Dishing It Out
Tanglewood Competitive Picnic Leaguers are in it for the win
On Competitive Picnic days, participants set up elaborate spreads on Tanglewood’s lawn.
Photos by John Stanmeyer
The Tanglewood Competitive Picnic League started as a joke among Boston Symphony Orchestra spouses five years ago. Avid cooks Aaron Dunning, whose wife, Rebecca Gitter, plays violin in the orchestra and Linda Campos, whose husband, Adam Esbensen, plays cello, decided on a whim to invite a few fellow BSO couples to flex their culinary muscles with picnic themes related to the Sunday afternoon concerts.
“I think we, the spouses, all needed a creative outlet while we were out there in the Berkshires,” says Campos. “Tongue in cheek, I called it the ‘BSO Wives Club Competitive Entertaining League’ after a phrase I heard on a mansion tour in Newport, Rhode Island,” says Dunning.
For the first few years, the group focused exclusively on making creative food rather than on fancy table settings or competing for prizes. They had fun researching Austrian food for a Mozart program, German cuisine for Wagner, and Russian treats for Tchaikovsky. “Once, for a French program, we had a charcuterie picnic theme, and everybody made all kinds of crazy gelled things,” says Campos.
Two summers ago, the group decided to open its festivities to the public and initiated voting and awards. The culinary themes are now less tied to specific composers. Prizes, which are donated by local businesses, are always picnic related—a picnic blanket from McKimmie Co., a tote bag from Design Menagerie, cookbooks from Guido’s Fresh Marketplace. Eight to 30 or so people typically show up to participate in the picnics, with competitors ranging in age from 20-something to 60-something.
On Competitive Picnic League days, Campos goes early to set up tarps and blankets on the back of the Tanglewood lawn. “On a hot, sunny afternoon, that space underneath the shaded trees is prime real estate. We sit there because a lot of people have kids and we don’t want to disrupt audience members who are serious about listening to the concert,” she says.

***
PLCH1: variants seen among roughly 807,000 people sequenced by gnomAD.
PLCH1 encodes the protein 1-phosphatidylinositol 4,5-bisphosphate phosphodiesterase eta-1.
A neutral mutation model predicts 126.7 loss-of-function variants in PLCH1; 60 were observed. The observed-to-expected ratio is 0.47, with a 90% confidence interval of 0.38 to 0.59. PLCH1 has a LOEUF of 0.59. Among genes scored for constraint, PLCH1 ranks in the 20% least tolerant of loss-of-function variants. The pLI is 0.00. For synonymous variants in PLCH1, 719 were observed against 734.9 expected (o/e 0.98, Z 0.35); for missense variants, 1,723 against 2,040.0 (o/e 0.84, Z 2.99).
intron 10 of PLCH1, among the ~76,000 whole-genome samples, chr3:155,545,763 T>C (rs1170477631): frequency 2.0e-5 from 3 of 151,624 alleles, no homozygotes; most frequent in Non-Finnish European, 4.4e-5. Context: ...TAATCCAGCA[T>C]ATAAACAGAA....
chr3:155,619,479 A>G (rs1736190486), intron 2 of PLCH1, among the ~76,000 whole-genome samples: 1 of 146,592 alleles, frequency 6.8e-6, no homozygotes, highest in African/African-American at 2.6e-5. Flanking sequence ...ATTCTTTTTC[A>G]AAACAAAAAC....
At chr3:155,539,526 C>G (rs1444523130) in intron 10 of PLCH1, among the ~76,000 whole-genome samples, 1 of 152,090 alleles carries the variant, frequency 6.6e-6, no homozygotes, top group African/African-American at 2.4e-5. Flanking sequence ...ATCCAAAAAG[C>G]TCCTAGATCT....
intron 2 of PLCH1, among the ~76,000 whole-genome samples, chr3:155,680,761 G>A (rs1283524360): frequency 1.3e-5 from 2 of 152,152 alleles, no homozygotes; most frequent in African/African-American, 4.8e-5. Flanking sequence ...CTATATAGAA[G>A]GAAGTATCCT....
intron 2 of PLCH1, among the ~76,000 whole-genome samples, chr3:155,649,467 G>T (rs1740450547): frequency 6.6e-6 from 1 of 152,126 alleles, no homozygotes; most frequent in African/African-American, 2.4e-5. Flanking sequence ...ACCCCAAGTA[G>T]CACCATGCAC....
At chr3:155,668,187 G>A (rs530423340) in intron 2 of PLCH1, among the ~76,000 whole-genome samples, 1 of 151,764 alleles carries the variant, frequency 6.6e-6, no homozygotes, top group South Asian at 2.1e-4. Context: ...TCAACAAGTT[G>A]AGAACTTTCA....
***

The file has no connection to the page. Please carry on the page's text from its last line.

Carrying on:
JeriLynne Frankenhoff Clifford of Lenox was the first non-BSO member to join the league. She learned about it via a friend on Facebook. Seth MacFarlane was singing show tunes from the ’50s with the Pops and the picnic theme was food inspired by TV dinners of that era. “I made a Thanksgiving rollup with all of the goodies inspired by a turkey TV dinner,” she says. “I was excited to see so many people involved and their take on the theme. It was a great day all around and I was hooked.”
Clifford’s husband, Scot (whom she deems “Team Clifford’s Head of Logistics and Transportation”), figures out how best to pack their wagon and sets up their portable table on the lawn. She goes all out with picnic décor—tablecloth, fresh flowers, a candelabra.
“I will even have my clothes match if it’s possible. My friends and family tease me about it. I have been called Berkshire Contessa and a Berkshires Martha Stewart because I go a little over the top,” Clifford says.
Anna Shippee of Lenox certainly made a memorable debut with her first competitive picnic entry. The week’s theme was “Mad Men” food from the 1960s. She made a gigantic Baked Alaska, which she torched on the lawn. It consisted of chocolate cake and two quarts of coffee ice cream, topped with a chocolate-bourbon sauce. “We [she and her husband, Kameron Spaulding] had reserved dry ice, but the store sold it, so we had to get creative and packed it in ice in a huge cooler,” she says.
Adds Campos: “That Baked Alaska takes the cake. I think it’s probably the only Baked Alaska that’s ever been brought to a picnic at Tanglewood.”
Dunning’s favorite thing about being a member of the league is coming up with dishes to fit the weekly theme and staying light-hearted about it all. For a New England-themed picnic, for example, he made decadent grilled-bacon Fluffernutter sandwiches with cabernet-elderberry glaze (using elderberries he’d personally harvested from a tree at his summer home).
Everyone who brings food or drink to the picnics gets to cast a vote for their favorite dish or table styling. League members vary in their level of seriousness about competing. “You always want to win, but some weeks someone else has the best dish and it wasn’t you. At least you got to eat some of it!” says Shippee.
“It isn’t cutthroat or anything, but we are in it to win it for sure,” says Clifford. “I would still participate if there weren’t prizes but having that as a goal does push you to step up your game.”
Four picnic events are planned for this summer. For the schedule and themes, see the group’s Facebook page, “Competitive Picnic League.”